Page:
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Is There Such a Thing as “Non-Toxic” Asbestos?

Thumbnail image for Thumbnail image for iStock-526953477.jpgAsbestos is a naturally occurring mineral once commonly used in many industrial, commercial, and military applications for its heat-resistant properties. Sadly, the substance is also causally related to developing mesothelioma, a rare and deadly form of cancer that typically affects the thin lining of tissue surrounding the lungs and abdomen.

Despite what many asbestos-industry advocates purported throughout the years, there is no safe or acceptable level of asbestos exposure, nor is there any type of asbestos less prone to causing mesothelioma. Although some health organizations deem certain types of asbestos more toxic than others, they all pose serious health risks and are heavily regulated, if not banned outright.

Depending on the application and country of origin, manufacturers have used different types of asbestos to create their products. There are six different types of asbestos, which include chrysotile, amosite, crocidolite, tremolite, anthophyllite, and actinolite.

Chrysotile Asbestos

Chrysotile asbestos was once the most commonly used asbestos in the United States, especially in industrial applications like roofing materials, floor tiles, various insulations, and brake pads. This type of asbestos is commonly referred to as “white asbestos” and is a member of the serpentine family of the mineral.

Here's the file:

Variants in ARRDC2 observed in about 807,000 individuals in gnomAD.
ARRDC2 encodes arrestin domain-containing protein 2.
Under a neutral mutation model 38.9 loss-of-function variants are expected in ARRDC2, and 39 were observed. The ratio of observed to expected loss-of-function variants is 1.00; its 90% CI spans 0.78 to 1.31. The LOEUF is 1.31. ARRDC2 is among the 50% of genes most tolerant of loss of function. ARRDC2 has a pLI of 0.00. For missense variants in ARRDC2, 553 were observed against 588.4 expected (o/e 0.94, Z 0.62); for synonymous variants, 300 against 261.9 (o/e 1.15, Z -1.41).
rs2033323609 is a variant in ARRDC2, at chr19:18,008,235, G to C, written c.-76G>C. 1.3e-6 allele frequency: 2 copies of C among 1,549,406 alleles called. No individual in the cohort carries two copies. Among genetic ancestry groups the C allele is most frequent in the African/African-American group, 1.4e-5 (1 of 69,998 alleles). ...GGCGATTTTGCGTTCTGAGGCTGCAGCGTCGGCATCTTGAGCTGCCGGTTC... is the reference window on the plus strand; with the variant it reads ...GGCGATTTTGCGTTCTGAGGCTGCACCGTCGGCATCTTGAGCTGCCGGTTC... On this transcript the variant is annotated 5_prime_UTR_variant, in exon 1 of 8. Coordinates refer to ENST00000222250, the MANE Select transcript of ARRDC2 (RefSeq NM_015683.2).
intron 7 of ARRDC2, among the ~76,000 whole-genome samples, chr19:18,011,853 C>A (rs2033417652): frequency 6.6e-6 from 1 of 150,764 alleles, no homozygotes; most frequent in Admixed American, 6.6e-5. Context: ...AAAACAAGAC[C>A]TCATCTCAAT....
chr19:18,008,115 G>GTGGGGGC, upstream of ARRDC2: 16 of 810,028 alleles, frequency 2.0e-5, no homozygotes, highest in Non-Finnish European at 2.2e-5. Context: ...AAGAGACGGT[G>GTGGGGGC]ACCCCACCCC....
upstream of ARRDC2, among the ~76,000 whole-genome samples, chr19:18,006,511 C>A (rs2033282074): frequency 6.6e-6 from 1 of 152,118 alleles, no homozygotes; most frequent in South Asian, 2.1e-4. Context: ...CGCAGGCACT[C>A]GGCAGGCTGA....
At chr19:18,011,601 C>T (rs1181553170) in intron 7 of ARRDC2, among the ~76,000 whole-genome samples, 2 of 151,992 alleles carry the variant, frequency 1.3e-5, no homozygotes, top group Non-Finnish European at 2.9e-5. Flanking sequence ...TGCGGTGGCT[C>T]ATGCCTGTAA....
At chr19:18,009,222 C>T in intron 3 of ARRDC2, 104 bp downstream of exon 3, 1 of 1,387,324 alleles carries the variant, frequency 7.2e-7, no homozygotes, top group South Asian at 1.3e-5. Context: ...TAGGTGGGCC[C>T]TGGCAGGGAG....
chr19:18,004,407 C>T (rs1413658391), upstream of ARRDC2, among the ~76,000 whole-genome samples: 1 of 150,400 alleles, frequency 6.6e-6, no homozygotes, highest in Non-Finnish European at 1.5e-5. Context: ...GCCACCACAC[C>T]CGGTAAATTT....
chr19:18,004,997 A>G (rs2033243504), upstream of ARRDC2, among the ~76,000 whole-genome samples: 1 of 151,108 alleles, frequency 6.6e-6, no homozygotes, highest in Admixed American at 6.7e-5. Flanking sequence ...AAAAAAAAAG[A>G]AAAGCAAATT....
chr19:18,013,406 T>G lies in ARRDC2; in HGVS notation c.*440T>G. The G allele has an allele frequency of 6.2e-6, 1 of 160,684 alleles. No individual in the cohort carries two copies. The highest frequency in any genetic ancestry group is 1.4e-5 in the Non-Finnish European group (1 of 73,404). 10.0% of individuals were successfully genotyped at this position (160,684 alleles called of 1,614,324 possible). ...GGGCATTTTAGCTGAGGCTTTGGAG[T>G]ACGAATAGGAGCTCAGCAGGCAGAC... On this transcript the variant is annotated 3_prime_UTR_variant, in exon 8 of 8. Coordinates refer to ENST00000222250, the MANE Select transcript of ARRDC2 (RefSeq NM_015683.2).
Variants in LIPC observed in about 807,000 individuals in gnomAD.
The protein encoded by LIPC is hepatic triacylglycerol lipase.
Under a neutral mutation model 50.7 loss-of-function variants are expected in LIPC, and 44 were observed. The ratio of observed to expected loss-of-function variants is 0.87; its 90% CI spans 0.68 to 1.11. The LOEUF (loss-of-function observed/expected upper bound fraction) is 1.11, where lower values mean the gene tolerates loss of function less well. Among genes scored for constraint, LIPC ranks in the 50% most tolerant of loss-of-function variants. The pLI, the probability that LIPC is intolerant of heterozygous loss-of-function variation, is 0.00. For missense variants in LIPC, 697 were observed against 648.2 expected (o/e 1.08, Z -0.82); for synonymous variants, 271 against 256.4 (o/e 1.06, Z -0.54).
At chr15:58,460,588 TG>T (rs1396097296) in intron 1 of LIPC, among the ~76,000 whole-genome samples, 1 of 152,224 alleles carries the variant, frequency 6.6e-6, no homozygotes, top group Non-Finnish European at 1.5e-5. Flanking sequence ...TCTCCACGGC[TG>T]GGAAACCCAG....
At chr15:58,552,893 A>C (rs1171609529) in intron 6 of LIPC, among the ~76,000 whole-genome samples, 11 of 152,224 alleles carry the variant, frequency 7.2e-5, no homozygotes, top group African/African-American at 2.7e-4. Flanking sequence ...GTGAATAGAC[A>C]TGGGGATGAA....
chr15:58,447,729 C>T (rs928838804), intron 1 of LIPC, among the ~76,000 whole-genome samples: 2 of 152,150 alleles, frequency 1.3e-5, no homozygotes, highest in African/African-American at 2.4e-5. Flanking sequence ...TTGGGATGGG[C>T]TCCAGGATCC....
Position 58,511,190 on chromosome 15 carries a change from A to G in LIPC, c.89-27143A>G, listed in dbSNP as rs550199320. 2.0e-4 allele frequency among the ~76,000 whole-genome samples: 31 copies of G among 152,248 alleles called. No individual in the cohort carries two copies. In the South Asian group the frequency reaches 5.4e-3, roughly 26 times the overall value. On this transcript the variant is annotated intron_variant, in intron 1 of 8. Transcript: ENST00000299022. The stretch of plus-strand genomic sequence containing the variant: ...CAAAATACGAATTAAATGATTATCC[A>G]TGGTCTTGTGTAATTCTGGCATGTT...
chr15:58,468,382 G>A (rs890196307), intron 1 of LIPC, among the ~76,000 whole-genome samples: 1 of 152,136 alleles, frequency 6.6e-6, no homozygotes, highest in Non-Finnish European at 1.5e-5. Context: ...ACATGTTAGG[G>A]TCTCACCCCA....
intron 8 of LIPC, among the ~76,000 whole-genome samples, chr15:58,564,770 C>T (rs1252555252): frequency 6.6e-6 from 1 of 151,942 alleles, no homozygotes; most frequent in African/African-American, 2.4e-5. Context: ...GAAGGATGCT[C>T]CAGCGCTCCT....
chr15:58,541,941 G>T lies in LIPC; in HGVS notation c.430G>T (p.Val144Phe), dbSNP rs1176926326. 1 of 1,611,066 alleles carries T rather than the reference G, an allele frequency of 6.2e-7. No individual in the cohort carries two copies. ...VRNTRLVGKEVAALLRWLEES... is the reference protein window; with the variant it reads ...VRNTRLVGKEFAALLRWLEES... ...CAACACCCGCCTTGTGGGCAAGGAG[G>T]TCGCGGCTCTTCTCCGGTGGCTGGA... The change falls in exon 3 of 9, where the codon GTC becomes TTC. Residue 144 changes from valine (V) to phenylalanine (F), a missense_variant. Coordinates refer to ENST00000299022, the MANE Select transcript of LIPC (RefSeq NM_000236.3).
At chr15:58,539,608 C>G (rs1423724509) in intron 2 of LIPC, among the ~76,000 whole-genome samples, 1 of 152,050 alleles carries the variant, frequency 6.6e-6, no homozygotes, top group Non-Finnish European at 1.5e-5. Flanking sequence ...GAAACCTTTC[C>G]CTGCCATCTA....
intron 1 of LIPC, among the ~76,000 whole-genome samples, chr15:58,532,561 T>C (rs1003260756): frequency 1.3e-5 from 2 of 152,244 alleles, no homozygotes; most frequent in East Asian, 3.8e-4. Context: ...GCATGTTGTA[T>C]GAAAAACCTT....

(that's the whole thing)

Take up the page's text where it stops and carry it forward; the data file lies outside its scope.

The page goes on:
Amosite Asbestos

The American Cancer Society has designated amosite or “brown asbestos” as creating the highest risk of cancer. This type of asbestos is directly linked to mesothelioma and other deadly cancers.

Crocidolite Asbestos

Crocidolite asbestos is characterized by its extremely thin fibers, making airborne exposure a high probability if disturbed. These qualities make it even more likely the asbestos could be inhaled and trapped in the lungs.

Tremolite Asbestos

Often woven into cloth-like materials, thermolite asbestos was commonly used in insulation materials because of its unique flexibility. Exposure to tremolite asbestos often happens when mining for or coming in contact with other naturally occurring materials like talc or vermiculite.

Anthophyllite Asbestos

Anthophyllite asbestos may be the least common form of the mineral. Few deposits are known to exist, mostly in the United States and Finland. Anthophyllite asbestos has been known to develop with veins of talc and vermiculite, just as thermolite asbestos does. While some studies suggest the risk of developing cancer from exposure to anthophyllite asbestos, many victims have developed serious health problems from the mineral.

Actinolite Asbestos

Actinolite comes in a variety of forms and colors. This type of asbestos was once commonly used in residential and commercial construction as well as industrial insulation. Just like every other type of asbestos, there is no safe level of exposure to actinolite asbestos. Thousands of victims have developed mesothelioma as a result of coming in contact with actinolite asbestos.

Nationwide Mesothelioma Lawyer

If you or a loved one were diagnosed with mesothelioma, contact our office to speak to one of our experienced nationwide mesothelioma attorneys about your situation. Our office can help investigate your case and determine if compensation can be sought from negligent parties to help pay for your medical treatment to help you and your family live a more comfortable life.

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